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Journal of Clinical Urology ; : 20514158221086137, 2022.
Article in English | Sage | ID: covidwho-1910212


Background:Although the technology has been available and several pilot studies have shown success, use of telemedicine has previously been limited in the United States, especially among surgeons. This study aimed to investigate the benefits and obstacles for successful implementation of telemedicine visits in paediatric surgical subspecialties amid the COVID-19 pandemic.Methods:We analysed survey data from telemedicine visits with paediatric surgical subspecialists from May 1 through June 30, 2020 at our paediatric surgery subspecialty clinics. Univariate logistic regression was used to determine associations in survey responses and various demographic factors.Results:There were 164 respondents to the survey. The most frequently cited barrier to care was ability to get time off work (46.3%). Overall satisfaction with the telemedicine visit was 93.8%, and 55.6% responded that they would choose video telemedicine rather than an in-person or telephone visit. Those living at least 25 miles from the hospital had increased odds of indicating interest in using telemedicine for future visits (OR = 2.56, 95% CI = 1.12?5.86, p = 0.026). The average respondent saved between 30 minutes and 1 hour, and 45 minutes using telemedicine.Conclusions:The implementation of telemedicine at our institution in the paediatric surgical subspecialties has proven to be effective and well-received. Given the benefits of time and money saved for families, paired with high satisfaction rates and continued interest, paediatric surgical subspecialists should work to incorporate virtual visits into regular patient care, even well after the COVID-19 pandemic.Level of Evidence:Level IV

J Am Coll Surg ; 231(2): 205-215, 2020 08.
Article in English | MEDLINE | ID: covidwho-382062


BACKGROUND: The COVID-19 pandemic forced surgeons to reconsider concepts of "elective" operations. Perceptions about the time sensitivity and medical necessity of a procedure have taken on greater significance during the pandemic. The evolving ethical and clinical environment requires reappraisal of perioperative factors, such as personal protective equipment conservation; limiting the risk of exposure to COVID-19 for patients, families, and healthcare workers; preservation of hospital beds and ICU resources; and minimizing COVID-19-related perioperative risk to patients. STUDY DESIGN: A scaffold for the complex decision-making required for prioritization of medically necessary, time-sensitive (MeNTS) operations was developed for adult patients by colleagues at the University of Chicago. Although adult MeNTS scoring can be applied across adult surgical specialties, some variables were irrelevant in a pediatric population. Pediatric manifestations of chronic diseases and congenital anomalies were not accounted for. To account for the unique challenges children face, we modified the adult MeNTS system for use across pediatric subspecialties. RESULTS: This pediatric MeNTS scoring system was applied to 101 cases both performed and deferred between March 23 and April 19, 2020 at the University of Chicago Comer Children's Hospital. The pediatric MeNTS scores provide a safe, equitable, transparent, and ethical strategy to prioritize children's surgical procedures. CONCLUSIONS: This process is adaptable to individual institutions and we project it will be useful during the acute phase of the pandemic (maximal limitations), as well as the anticipated recovery phase.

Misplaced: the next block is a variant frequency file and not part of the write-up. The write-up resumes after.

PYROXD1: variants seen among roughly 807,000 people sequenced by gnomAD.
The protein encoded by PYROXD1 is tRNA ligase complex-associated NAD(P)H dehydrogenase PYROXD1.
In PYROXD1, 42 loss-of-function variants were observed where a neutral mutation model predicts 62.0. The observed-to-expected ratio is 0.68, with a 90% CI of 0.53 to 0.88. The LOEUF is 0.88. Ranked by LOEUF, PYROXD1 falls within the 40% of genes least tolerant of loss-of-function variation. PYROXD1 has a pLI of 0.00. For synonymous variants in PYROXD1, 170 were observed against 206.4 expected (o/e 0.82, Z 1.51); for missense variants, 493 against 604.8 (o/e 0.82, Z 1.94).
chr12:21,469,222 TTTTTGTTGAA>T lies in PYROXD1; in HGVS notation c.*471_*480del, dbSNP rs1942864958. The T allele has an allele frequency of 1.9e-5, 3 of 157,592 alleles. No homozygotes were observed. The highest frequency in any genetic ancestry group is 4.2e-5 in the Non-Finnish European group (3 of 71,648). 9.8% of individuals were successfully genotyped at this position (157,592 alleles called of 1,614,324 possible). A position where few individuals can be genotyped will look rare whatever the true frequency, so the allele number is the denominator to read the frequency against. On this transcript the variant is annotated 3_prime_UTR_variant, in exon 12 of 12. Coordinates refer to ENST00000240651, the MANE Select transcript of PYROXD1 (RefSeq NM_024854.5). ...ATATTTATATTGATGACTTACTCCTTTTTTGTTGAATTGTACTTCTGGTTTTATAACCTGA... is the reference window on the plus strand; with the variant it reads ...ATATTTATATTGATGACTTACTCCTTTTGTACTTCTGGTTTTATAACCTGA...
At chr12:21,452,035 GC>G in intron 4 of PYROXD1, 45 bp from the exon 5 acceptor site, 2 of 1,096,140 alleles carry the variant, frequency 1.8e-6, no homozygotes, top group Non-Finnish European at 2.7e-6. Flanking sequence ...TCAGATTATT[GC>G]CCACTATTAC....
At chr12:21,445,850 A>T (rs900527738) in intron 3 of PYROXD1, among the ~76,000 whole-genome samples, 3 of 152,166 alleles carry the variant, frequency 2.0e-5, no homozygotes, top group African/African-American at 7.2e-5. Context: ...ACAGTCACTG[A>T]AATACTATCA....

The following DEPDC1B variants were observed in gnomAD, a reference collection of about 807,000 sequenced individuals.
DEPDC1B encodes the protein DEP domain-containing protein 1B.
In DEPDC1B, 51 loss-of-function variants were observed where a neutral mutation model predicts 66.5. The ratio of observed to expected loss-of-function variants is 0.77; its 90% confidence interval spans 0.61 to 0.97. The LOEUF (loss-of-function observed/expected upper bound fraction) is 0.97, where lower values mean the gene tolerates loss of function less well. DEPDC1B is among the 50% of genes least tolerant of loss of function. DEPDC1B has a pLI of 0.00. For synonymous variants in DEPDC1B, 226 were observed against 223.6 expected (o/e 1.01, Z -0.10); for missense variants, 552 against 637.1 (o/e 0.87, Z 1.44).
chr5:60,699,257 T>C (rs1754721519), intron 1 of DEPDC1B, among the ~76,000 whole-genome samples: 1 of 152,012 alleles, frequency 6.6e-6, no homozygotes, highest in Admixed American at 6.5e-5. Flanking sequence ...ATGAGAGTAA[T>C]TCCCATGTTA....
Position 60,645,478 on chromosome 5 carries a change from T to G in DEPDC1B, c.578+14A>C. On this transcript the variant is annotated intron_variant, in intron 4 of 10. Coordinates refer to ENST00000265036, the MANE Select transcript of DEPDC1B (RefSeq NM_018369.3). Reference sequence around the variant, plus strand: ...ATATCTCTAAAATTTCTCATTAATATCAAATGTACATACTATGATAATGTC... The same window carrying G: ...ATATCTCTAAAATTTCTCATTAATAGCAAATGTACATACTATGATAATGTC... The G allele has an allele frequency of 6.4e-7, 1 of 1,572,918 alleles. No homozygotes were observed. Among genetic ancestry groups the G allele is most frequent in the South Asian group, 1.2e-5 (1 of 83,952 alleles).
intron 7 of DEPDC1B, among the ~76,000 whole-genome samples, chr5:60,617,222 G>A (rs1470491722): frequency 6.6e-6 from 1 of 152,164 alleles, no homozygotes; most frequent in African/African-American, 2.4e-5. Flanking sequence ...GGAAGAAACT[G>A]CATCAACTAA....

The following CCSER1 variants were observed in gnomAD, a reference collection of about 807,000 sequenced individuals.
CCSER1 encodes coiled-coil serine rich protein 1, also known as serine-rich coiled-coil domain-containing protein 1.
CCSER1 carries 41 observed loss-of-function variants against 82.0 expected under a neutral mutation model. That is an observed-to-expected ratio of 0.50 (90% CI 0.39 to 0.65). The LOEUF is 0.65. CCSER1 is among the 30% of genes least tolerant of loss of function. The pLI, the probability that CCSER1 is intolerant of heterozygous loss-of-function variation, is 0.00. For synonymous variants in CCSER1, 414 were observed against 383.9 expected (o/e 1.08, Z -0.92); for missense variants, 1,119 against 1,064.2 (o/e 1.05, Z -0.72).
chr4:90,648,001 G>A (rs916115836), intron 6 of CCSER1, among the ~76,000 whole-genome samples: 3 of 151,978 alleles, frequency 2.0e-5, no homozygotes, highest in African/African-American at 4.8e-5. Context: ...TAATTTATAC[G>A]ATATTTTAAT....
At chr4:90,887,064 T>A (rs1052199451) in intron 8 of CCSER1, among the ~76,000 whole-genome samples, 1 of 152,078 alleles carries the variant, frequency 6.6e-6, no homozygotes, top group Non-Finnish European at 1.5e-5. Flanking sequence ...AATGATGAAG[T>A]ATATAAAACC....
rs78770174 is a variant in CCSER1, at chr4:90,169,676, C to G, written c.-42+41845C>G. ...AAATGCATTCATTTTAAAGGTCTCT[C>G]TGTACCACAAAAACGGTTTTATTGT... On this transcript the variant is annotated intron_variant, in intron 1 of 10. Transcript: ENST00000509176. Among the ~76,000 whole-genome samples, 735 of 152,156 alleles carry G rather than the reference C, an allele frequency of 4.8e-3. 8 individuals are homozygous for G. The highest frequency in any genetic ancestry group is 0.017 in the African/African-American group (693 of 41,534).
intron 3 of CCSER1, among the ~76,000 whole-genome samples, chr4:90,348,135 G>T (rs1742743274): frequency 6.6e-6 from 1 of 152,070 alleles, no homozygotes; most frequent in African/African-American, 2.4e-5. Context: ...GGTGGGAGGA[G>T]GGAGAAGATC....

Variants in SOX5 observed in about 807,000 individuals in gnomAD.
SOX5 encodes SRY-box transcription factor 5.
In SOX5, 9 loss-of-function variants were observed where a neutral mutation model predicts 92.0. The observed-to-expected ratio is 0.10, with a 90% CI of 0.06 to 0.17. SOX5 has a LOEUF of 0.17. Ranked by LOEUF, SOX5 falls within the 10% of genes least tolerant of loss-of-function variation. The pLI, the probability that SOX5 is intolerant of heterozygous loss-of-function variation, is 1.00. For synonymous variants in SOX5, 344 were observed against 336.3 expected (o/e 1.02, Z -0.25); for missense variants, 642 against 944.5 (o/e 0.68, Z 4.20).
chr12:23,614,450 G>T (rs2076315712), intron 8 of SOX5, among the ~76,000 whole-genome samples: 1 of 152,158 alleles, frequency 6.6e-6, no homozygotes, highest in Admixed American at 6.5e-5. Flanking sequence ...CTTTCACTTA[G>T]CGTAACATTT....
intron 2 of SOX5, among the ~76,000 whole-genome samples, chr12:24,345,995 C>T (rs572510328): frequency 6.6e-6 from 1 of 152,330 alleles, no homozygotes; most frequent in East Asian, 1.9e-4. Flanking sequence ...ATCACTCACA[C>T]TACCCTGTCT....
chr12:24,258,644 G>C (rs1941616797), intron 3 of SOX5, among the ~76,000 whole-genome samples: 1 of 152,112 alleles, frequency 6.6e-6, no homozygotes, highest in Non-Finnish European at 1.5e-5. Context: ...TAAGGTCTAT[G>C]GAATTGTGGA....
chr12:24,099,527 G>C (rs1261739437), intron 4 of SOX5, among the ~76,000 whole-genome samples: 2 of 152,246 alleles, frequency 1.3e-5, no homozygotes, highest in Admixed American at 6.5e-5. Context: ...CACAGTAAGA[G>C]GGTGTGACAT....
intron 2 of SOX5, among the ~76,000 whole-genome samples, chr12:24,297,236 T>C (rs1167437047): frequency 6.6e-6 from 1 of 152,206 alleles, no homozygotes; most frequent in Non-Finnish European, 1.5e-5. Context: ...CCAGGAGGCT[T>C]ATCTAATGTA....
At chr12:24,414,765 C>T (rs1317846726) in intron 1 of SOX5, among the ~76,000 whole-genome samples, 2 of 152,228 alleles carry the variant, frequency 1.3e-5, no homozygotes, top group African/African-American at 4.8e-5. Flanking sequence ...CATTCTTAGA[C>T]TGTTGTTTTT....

Coronavirus Infections/epidemiology , Decision Making , Elective Surgical Procedures , Infection Control/methods , Operating Rooms , Patient Selection , Pneumonia, Viral/epidemiology , Surgery Department, Hospital/organization & administration , Betacoronavirus , COVID-19 , Child , Cross Infection/prevention & control , Humans , Infectious Disease Transmission, Patient-to-Professional/prevention & control , Pandemics , Personal Protective Equipment/supply & distribution , SARS-CoV-2
Otolaryngol Head Neck Surg ; 163(1): 42-46, 2020 07.
Article in English | MEDLINE | ID: covidwho-133489


Performance of tracheotomy is a potential necessary step in the patient with coronavirus disease 19 (COVID-19) and prolonged mechanical ventilation. Due to viral aerosolization, tracheotomy carries a high risk of transmission of COVID-19 to the health care team performing the procedure. We share our institution's surgical safety checklist for performing tracheotomy in patients with COVID-19, including key modifications intended to mitigate risk to the surgical team.

Betacoronavirus , Coronavirus Infections/complications , Disease Transmission, Infectious/prevention & control , Pandemics , Pneumonia, Viral/complications , Respiratory Insufficiency/therapy , Tracheotomy/standards , COVID-19 , Checklist , Coronavirus Infections/epidemiology , Coronavirus Infections/transmission , Humans , Pneumonia, Viral/epidemiology , Pneumonia, Viral/transmission , Respiration, Artificial/methods , Respiration, Artificial/standards , Respiratory Insufficiency/etiology , SARS-CoV-2 , Treatment Outcome